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# Data Structures 101: Introduction to Data Structures and Algorithms

## DS - Data Structure

**Algorithms** are collections of steps to solve a particular problem.

**Data structures** are named locations used to store and organize data. It's a way of arranging data on a computer so that it can be **accessed and updated** efficiently.

Depending on the requirement and project, it is important to choose the right data structure for your project. For example, if data is to be stored sequentially in memory, then an Array would be a good fit.

Learning data structures and algorithms allow us to write **efficient and optimized** computer programs.

## What are the Types of Data Structures we have?

Linear DS

Non-Linear DS.

**Linear DS**

In a linear data structure, elements are arranged in sequence one after the other. This makes the implementation of elements easy. However, when the complexity of the program increases, this data structure might not be the best choice because of operational complexities.

**Examples of Linear DS**

**Arrays**: In an Array, elements in memory are arranged in continuous memory. All the elements of an array are of the same type, and the type of elements that can be stored in the form of arrays is determined by the programming language.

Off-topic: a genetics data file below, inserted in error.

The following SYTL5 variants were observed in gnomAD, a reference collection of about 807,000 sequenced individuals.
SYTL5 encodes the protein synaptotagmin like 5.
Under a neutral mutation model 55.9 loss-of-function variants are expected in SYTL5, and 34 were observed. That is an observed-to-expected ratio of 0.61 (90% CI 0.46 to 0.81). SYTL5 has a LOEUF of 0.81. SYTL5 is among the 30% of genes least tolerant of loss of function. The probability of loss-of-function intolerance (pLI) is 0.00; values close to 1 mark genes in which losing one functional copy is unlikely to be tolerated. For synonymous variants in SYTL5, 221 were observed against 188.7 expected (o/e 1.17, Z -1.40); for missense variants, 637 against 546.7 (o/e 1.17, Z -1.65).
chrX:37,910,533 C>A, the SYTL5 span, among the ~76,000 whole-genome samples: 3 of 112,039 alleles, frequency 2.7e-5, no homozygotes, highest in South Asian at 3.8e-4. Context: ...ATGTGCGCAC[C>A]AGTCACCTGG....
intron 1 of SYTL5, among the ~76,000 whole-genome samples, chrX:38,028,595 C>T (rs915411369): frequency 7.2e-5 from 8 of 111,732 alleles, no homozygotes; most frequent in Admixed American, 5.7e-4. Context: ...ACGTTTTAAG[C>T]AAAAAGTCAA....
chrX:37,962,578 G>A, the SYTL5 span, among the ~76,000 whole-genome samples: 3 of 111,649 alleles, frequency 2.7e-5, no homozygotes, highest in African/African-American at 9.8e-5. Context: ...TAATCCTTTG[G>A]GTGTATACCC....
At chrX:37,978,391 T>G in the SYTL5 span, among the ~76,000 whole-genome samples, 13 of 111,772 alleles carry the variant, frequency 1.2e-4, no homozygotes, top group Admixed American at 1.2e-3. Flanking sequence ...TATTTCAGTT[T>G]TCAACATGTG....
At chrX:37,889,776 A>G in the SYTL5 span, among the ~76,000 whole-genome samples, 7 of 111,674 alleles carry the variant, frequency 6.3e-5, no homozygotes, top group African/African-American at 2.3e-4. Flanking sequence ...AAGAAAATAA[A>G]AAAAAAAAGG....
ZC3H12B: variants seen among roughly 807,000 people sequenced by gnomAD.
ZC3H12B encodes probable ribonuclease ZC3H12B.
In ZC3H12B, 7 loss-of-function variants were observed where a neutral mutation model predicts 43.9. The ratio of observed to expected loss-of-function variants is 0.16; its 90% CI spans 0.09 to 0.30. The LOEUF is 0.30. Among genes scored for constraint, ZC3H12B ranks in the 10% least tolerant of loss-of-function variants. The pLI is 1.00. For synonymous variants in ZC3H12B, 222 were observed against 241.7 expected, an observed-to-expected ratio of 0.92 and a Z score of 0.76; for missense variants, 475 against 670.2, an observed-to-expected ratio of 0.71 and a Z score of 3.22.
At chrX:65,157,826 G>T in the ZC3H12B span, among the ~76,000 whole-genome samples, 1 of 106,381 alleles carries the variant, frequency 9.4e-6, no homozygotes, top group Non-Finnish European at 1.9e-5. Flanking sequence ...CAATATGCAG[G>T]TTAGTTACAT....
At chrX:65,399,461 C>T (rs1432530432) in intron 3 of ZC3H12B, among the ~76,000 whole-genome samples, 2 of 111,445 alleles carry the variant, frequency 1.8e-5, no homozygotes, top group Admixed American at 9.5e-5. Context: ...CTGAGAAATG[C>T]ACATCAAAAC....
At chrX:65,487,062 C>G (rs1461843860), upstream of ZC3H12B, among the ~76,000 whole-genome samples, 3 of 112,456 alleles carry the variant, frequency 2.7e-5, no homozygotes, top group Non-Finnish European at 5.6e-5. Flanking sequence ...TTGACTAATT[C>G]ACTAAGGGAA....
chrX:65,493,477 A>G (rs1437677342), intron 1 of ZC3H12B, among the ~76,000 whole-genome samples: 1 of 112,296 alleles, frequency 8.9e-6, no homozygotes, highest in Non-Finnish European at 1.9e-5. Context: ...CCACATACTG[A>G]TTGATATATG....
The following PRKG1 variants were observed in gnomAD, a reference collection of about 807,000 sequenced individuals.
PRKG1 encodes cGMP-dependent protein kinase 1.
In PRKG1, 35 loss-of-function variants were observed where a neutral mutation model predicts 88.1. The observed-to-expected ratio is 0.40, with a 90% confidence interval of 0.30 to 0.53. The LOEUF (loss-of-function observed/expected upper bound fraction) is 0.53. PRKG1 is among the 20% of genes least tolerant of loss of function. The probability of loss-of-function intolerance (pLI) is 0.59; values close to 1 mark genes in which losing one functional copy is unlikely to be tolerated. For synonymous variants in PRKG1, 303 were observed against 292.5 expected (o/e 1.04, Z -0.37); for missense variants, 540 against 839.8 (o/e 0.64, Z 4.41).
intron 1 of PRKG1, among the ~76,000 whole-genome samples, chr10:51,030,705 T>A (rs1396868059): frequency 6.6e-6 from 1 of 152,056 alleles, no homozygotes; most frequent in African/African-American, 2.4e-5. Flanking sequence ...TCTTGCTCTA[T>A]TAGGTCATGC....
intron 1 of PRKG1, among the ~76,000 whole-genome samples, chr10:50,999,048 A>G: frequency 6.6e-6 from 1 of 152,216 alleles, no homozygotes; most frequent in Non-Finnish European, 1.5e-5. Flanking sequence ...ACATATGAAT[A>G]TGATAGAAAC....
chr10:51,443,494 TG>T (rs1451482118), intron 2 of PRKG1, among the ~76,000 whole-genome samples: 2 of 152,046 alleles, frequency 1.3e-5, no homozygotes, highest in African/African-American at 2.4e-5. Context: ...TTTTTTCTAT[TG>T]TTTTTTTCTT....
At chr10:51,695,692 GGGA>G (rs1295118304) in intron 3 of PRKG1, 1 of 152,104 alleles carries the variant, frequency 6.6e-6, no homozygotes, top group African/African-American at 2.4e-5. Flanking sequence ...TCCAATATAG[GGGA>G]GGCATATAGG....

**Stacks**: Stacks are stored in the LIFO principle (Last In, First Out). i.e the last element stored in a stack will be removed first. Just like a pile of plates. You can place one plate on top of the pile, where the last plate kept on the pile will be removed first.

**Queue**: Unlike a Stack, the queue works in with the FIFO principle (First In, First Out) where the first element stored in the queue will be removed first. Similar to a queue of people at a ticket stand where the first person in the queue gets his/her ticket first.

**Linked List**: In a linked list, data elements are connected through a series of nodes, with each node containing the data item and a memory address linking to the next node.

## Non-Linear DS

Unlike linear data structures, elements in non-linear are not stored sequentially. Instead, they are arranged in a hierarchical manner where one element is connected to one or more elements, like a family tree or a cooperate ladder. Non-linear data structures are further divided into graphs and tree-based data structures.

**Examples of Non-Linear DS**

**Graph DS**: In the graph data structure, each node is called a vertex and each vertex is connected to other vertices through edges.

**Trees DS**: Similar to a graph, a tree is also a collection of vertices and edges. However, in trees, there can only be one edge between two vertices.

**Common Tree-Based Data Structure**

Binary Tree

Binary Search Tree

AVL Tree

B-Tree

B+ Tree

Red-Black Tree

### Why Data Structures?

Knowledge of data structures provides a better way of organizing, maintaining, and storing data efficiently and this helps you write memory and time-efficient code.

Other really good resources you should check out are:

**Gracias**

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Originally posted on my newsletter: Michael Ibinola